I’ve been sitting on larger-than-desired cash position of 12.5%, and waiting out what I saw as the potential for a 4-5% pullback in the major indexes. That pullback just doesn’t seem to have gathered its critical mass, with all due nods to the anemic volumes we’re seeing of late. Meanwhile I’ve been poring over sectors that I feel are either undervalued or due for a consolidation wave. Energy fits both criteria with a bow on top.
Valuations are largely in the eye of the beholder, but I am feeling ever more confident in the fact that S&P operating earnings for 2009 will put the market in the range of 15-18x, which is more than fine for this point in the business cycle, and gives us plenty of breathing room for further gains.
Noble Valuation Looking Regal
There’s little to bicker about with regards to Noble Corp (NE) fundamentals. The stock sports a sub-7 P/E, 1.5 book, and my personal favorite, less than 5x the run-rate operating cash flow. Think what you want about the future direction of crude oil prices, this company is booked $10b solid on their rigs, and is a prime M&A candidate. Dayrates rose nearly 20% year-over-year in the latest quarter, and Noble has a high % of rigs that can reset rates mid-quarter, which should boost the company’s next few earnings reports if my hunch of $80 crude plays out.
I was strongly considering Pride International (PDE) instead of Noble, as Pride’s valuation probably has room to run following the Seahawk spinoff. My only real reservation on Pride is the concentration of rigs in the Gulf of Mexico and the lack of clarity as to how Pride’s mgt. team will handle its newfound financial leverage.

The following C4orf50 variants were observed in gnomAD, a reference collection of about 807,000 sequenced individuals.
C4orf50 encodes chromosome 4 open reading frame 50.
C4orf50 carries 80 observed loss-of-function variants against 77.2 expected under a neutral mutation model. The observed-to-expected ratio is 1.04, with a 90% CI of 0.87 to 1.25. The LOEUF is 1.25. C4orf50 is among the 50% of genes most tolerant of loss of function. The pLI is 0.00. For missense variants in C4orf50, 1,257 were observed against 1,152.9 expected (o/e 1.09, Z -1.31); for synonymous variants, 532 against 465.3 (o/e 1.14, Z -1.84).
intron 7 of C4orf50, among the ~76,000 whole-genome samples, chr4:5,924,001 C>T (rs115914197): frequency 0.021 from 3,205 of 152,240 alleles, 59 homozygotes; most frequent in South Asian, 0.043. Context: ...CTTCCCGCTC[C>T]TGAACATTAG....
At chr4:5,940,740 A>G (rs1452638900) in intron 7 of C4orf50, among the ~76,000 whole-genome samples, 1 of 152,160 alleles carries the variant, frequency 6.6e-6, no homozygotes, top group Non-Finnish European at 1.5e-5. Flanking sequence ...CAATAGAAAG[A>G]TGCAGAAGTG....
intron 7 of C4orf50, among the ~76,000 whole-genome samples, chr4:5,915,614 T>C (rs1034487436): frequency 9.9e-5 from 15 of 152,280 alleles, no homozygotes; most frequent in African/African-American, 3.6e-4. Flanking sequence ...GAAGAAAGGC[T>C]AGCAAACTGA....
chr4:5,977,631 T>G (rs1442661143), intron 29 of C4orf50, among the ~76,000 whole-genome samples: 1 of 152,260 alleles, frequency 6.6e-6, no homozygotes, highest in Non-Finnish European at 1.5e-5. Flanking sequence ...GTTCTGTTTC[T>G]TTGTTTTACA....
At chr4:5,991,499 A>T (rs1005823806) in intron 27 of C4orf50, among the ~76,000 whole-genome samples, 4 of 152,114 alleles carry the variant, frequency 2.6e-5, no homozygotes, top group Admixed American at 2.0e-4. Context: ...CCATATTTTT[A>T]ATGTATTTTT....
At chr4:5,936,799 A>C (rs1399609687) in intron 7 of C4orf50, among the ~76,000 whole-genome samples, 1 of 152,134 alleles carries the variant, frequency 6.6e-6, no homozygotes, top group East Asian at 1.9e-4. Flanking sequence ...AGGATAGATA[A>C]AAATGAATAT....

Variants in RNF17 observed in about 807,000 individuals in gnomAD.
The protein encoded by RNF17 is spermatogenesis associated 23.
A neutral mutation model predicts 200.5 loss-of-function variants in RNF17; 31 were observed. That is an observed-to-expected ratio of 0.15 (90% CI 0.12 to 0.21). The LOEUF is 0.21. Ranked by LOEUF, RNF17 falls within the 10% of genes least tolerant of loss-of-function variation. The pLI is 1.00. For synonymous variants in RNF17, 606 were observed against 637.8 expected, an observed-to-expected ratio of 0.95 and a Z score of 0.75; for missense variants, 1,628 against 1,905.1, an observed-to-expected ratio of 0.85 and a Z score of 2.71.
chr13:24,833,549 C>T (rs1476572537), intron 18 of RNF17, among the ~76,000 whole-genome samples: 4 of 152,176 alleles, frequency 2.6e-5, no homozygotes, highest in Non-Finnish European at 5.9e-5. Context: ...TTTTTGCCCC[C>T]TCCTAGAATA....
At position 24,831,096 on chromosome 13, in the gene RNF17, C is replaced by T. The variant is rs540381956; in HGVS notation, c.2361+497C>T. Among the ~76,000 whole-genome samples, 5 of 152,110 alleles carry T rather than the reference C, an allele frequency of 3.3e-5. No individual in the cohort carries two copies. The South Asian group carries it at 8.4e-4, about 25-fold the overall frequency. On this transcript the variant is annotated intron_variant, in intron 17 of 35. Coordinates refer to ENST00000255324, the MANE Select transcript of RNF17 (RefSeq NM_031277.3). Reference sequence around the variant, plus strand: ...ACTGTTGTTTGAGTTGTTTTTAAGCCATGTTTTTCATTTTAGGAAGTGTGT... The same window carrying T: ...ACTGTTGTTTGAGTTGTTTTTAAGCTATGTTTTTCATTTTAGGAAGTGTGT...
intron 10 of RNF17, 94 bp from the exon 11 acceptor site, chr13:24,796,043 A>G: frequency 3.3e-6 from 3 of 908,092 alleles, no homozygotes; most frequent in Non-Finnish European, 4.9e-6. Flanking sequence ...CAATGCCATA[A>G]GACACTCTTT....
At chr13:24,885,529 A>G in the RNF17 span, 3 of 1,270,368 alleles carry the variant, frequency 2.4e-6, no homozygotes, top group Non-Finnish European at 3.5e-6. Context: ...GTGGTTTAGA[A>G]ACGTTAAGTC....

Adding 1000 shares Noble Corp. (NE) at $35.49. (Click to enlarge)
Seabridge Gold - Pre-Development Gem
If I had a Rule Sub-1A of investing, it would be to avoid companies with no revenues. Seabridge (SA) violates this unwritten rule, but sometimes you just have to think outside the box a bit.
I’ve been looking to get some exposure to gold, but I have been insisting on seeing an operator that doesn’t hedge; if I’m going to speculate on a miner, I want all the upside. Why gold? I’m certainly no gold bug, and I’m not a believer in just being there to get the prerequisite 5% that so many rote managers say is “smart”. But there is a time and a place, and several positive secular trends are in place right now.
One of them is inflation - that’s right, I’m putting inflation down as a secular trend. It’s going to be that enduring. I’ve been pounding the table on this one for so long that my hands are sore, and started doing it long before the “reflation trade” was common lexicon.
I also think the secular trend of expanding middle classes in India, Brazil, and China will produce higher raw demand for gold, and I’m quite curious to see what any real demand increase will do at the margin, considering how much gold is purchased by the bugs and hedgers of the world. Seabridge has full ownership of 8 mines, and all are in North America, which takes away some of my geopolitical fears of the larger, more diversified miners.
Based on the most recent economic assessment of Seabridge’s main project, the KSM mines in British Columbia, there’s over $11b in gold, silver, copper, and molybdenum to be extracted over a period of 7-10 years. But the company could just as easily get all the field tests in order, then sell the property to one of the alpha dogs next year. Seabridge compiled their assets during a historically low period in gold prices, and they want to leverage spot prices as much as possible.
Adding 1000 shares of Seabridge Gold (SA) at $29.99. (Click to enlarge)
Disclosure: Author does not hold personal stakes in the companies mentioned. The Secular Trends Portfolio is a model that aims to reflect a 100% equities allocation.